Our comrade Dane Rossman is currently locked up at Toronto West Detention Centre in Ontario, Canada. Dane was extradited June 14th, after being held without bail since February 21st at the Central Arizona Detention Center in Florence, Arizona. Another comrade, Joel Bitar, is currently free on bail in New York, awaiting the start of his trial in Toronto. They are both facing heavy fines and prison time for their alleged participation in breaking windows during the 2010 G20 in Toronto. They are among five Americans that Canada has sought to extradite for such offenses, along with Kevin Chianella, Quinn McCormic, and Richard Dean Morano.
While extradition for vandalism is incredibly rare, it is not entirely unheard-of. In January, a Mexican man was extradited to Houston, Texas for spray-painting “CONQUISTA” on Picasso’s Woman in Red Armchair. And Singapore, which drew international attention in 1994 for caning an American citizen convicted of vandalism, is currently seeking to extradite a British national for his participation in spray-painting a subway car.
The G20 Five are accused of having caused between $700,000 to $1,000,000 in damages. For Canadian prosecutors, these huge sums of money seem to be the main justification for this international procedure. The higher number exceeds the $750,000 estimate reported by a glazier to the Star, and approaches half the $2.5 million estimate testified by Detective Sergeant Giroux at parliamentary committee as the total losses for private and public property damage and lost wages.
Bitar alone, facing 26 counts of mischief, is accused of damaging at least $375,000 worth of property–all related to an alleged pickaxe assault on the windows of a Canadian Imperial bank building that took “less than 30 seconds to commit,” according to Detective Giroux. Chianella is being charged with a comparably high amount in damages. As far as G20 vandals go, Girioux says, “the two Americans [Bitar and Chianella] are at the top of the list.” Rossman might appear much further down Giroux’s “list.” He faces only three counts, and an estimated $10,000-$15,000 in damages.
The American suspects were targeted based on investigations that involved compiling private surveillance, citizen and journalist footage from the riots, the monitoring of the suspects’ social networks, and the implementation of new facial recognition software donated by the Canadian Banker’s Association. Although all of the suspects were well-masked, the prosecution will attempt to match particulars in their clothing to later, unmasked images of the protesters. To date, the use of this sort of evidence has convinced Canadian juries most of the time, but some have been found innocent.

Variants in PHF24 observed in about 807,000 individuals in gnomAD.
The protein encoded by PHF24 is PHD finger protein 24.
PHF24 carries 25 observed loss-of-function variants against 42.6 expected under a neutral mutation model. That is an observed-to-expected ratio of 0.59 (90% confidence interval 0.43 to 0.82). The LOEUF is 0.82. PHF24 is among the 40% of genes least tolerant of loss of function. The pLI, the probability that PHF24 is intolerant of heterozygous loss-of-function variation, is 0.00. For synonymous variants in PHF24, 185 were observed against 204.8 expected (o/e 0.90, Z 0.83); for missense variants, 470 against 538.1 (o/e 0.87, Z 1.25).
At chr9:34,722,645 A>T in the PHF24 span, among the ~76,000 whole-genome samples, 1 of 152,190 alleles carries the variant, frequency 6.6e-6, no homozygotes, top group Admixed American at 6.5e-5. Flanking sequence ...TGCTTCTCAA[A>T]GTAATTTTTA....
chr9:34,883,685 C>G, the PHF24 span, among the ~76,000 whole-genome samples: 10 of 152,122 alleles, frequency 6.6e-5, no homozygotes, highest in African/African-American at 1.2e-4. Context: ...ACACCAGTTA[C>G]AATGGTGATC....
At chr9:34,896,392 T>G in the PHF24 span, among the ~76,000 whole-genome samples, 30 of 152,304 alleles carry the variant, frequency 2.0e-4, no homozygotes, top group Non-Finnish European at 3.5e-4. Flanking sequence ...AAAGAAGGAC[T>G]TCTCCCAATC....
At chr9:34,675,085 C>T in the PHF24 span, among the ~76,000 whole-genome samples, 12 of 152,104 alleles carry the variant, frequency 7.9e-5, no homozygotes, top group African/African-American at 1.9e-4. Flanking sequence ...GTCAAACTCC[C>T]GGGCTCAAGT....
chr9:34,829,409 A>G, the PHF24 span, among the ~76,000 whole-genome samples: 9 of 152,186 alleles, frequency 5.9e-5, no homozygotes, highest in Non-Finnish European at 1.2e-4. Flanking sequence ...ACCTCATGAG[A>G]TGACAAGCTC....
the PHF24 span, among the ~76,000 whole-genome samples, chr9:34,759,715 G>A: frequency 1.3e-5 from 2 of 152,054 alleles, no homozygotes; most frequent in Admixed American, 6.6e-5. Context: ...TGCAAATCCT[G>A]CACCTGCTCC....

Aside from the property destruction, Giroux stresses that the broken windows could have injured Canadian citizens. Joel Bitar’s support committee released a statement that responds to this claim, saying: “Governments claim that property damage somehow endangers the lives of citizens, all the while their police and military forces brutalize and kill people at home and abroad that they deem undesirable—non-citizens.”
The vast majority of those injured during the G20, for instance, were protesters who were inhumanely treated, beaten, and verbally humiliated following the mass arrests which occurred during the summit. In May of last year several senior police commanders were charged for a variety of offenses regarding their conduct during the G20. 28 other officers were charged as well. Ironically, the Toronto Police Union attempted to have these charges thrown out due to “lengthy delays.”
After the mayhem, many in the reputably nice city of Toronto questioned if the troublemakers could really be Canadian. The riots in Vancouver against the Olympics in February 2010, and again following the Canucks’ Stanley Cup loss in June 2011, as well as 2012’s several-month long student unrest in Quebec seem to answer that question. Nonetheless, Giroux seems to be playing close to that narrative, saying the Americans were “the worst of the worst. They came with a specific purpose in mind. We’ve never seen anything like that here.”
While the events in Vancouver and Montreal may have slipped Giroux’s mind, the Canadian State is no less paranoid of its population than the U.S. is of theirs. With their monitoring and prosecution of G20 protesters, the mass arrests during the summit, the ongoing surveillance of First Nations activists, with Bill 78 enacted to suppress last years’ student protests in Quebec, and the recent enactment of an anti-mask law that could put protesters in prison for 10 years, we’re reminded of a trend similar to the United States’ coordinated suppression during the Occupy Wall Street movement.